Dim cn as OdbcConnection
         cn = New OdbcConnection ("Driver={Microsoft Access Driver (*.mdb)};" & _
              "DBQ=D:\Program Files\Microsoft Office\Office10\Samples\Northwind.mdb;UID=;PWD=")
         Dim mystring As String = "Select * from Titles"
         Dim cmd as OdbcCommand = New OdbcCommand(mystring)
         cn.Open()
         MsgBox("Connected")
         cn.Close()
    					
  3. Add the following code to the Oracle button:
         Dim cn as OdbcConnection
         cn= New OdbcConnection ("Driver = {Microsoft ODBC for Oracle};" & _
                                 "Server=myOracleserver;uid=myuid;pwd=mypwd")
         Dim myString as String = "Select * from Customers"
         dim cmd as OdbcCommand = New OdbcCommand(myString)
         cn.open()
         MsgBox "Connected"
         cn.Close
    					
  4. Add the following code to the DSN button:
         Dim cn as OdbcConnection
         cn = New OdbcConnection ("dsn=MyDSN;uid=sa;pwd=myPassword;")
         Dim mystring As String = "Select * from customers"
         Dim cmd As OdbcCommand = New OdbcCommand(mystring)
         cn.Open()
         MsgBox("Connected")
         cn.Close()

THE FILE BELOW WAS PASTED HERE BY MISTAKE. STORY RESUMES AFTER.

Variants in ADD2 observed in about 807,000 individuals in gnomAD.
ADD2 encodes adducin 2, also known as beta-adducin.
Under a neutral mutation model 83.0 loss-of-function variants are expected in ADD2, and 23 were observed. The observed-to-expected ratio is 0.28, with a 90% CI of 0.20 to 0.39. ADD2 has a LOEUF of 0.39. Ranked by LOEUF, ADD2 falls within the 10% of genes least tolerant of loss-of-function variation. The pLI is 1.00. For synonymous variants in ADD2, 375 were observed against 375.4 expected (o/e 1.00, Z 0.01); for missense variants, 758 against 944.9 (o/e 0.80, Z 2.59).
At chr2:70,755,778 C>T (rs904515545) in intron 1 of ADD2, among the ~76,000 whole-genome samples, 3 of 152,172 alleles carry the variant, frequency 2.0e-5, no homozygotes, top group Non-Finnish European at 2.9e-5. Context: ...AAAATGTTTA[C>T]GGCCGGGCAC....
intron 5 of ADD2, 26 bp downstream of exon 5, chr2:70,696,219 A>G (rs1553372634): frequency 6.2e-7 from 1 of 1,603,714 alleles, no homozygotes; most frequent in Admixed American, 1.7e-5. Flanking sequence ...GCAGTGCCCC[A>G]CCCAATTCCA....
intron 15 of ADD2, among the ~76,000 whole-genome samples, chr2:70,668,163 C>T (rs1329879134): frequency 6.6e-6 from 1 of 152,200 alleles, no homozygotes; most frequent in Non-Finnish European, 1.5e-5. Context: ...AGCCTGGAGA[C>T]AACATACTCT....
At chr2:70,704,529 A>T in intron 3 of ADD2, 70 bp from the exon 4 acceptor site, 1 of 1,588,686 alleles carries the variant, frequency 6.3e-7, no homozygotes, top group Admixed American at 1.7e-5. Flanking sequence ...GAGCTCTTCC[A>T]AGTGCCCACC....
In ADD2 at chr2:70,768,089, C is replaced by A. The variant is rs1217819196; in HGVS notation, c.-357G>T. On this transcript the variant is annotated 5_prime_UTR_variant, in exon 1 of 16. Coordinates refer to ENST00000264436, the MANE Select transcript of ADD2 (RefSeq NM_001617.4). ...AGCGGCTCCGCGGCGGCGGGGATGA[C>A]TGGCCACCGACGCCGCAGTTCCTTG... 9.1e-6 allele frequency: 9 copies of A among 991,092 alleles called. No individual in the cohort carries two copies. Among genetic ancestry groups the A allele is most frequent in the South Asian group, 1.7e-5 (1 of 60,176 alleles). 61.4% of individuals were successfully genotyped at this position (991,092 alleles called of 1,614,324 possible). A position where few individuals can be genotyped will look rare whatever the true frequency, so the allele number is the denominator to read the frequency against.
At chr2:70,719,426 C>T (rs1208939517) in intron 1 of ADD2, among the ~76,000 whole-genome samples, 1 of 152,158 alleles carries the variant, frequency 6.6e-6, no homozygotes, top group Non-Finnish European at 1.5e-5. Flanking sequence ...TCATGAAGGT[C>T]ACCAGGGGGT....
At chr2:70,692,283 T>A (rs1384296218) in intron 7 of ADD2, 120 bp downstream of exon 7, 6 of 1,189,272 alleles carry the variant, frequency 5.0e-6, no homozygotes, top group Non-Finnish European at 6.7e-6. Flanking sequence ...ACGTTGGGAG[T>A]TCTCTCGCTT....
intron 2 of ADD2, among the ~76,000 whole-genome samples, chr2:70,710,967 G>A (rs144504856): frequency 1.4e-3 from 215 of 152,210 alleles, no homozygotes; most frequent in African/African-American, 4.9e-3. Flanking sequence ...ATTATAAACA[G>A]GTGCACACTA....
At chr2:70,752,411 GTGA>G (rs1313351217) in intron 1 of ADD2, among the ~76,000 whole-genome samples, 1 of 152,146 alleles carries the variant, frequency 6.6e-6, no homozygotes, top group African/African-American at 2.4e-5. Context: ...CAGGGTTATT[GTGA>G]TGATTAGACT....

5. Modify the OdbcConnection strings as appropriate for your environment.

Test the client application

  1. Press the F5 key to compile and to run the application.
  2. Click each button. A message box appears, which states that you have successfully connected to your data.

Troubleshooting

If you encounter a problem when you connect to your data source (for example, if you use an incorrect password, User ID, or database name), you receive the following generic error message unless you trap for a specific error message:
An unhandled exception of type 'Microsoft.Data.ODBC.OdbcException' occurred in Microsoft.Data.ODBC.dll. Additional information: System Error
To provide more information about the error and to assist in troubleshooting, you can add a try-catch-finally block to the code. For example:
    Try
    cn.Open()
    Catch ex as OdbcException
    MsgBox(ex.Message)
    Finally
    cn.Close()
    End Try
				

REFERENCES

For more information, click the following article number to view the article in the Microsoft Knowledge Base:
168336 How to open ADO connection and recordset objects
For more information about .NET managed providers, refer to the .NET Developer's Center or the following Microsoft Web site:
Inside .NET Managed Providers
http://msdn.microsoft.com/en-us/library/ms810268.aspx
For more information about .NET, visit the .NET newsgroups. The microsoft.public.dotnet.framework.odbcnet newsgroup has been set up for this release.

Properties

Article ID: 310985 - Last Review: September 19, 2005 - Revision: 4.3
APPLIES TO
  • Microsoft ADO.NET 1.1
  • Microsoft ADO.NET 1.0
  • Microsoft Visual Basic .NET 2003 Standard Edition
  • Microsoft Visual Basic .NET 2002 Standard Edition
Keywords: 
kbhowtomaster kbsystemdata KB310985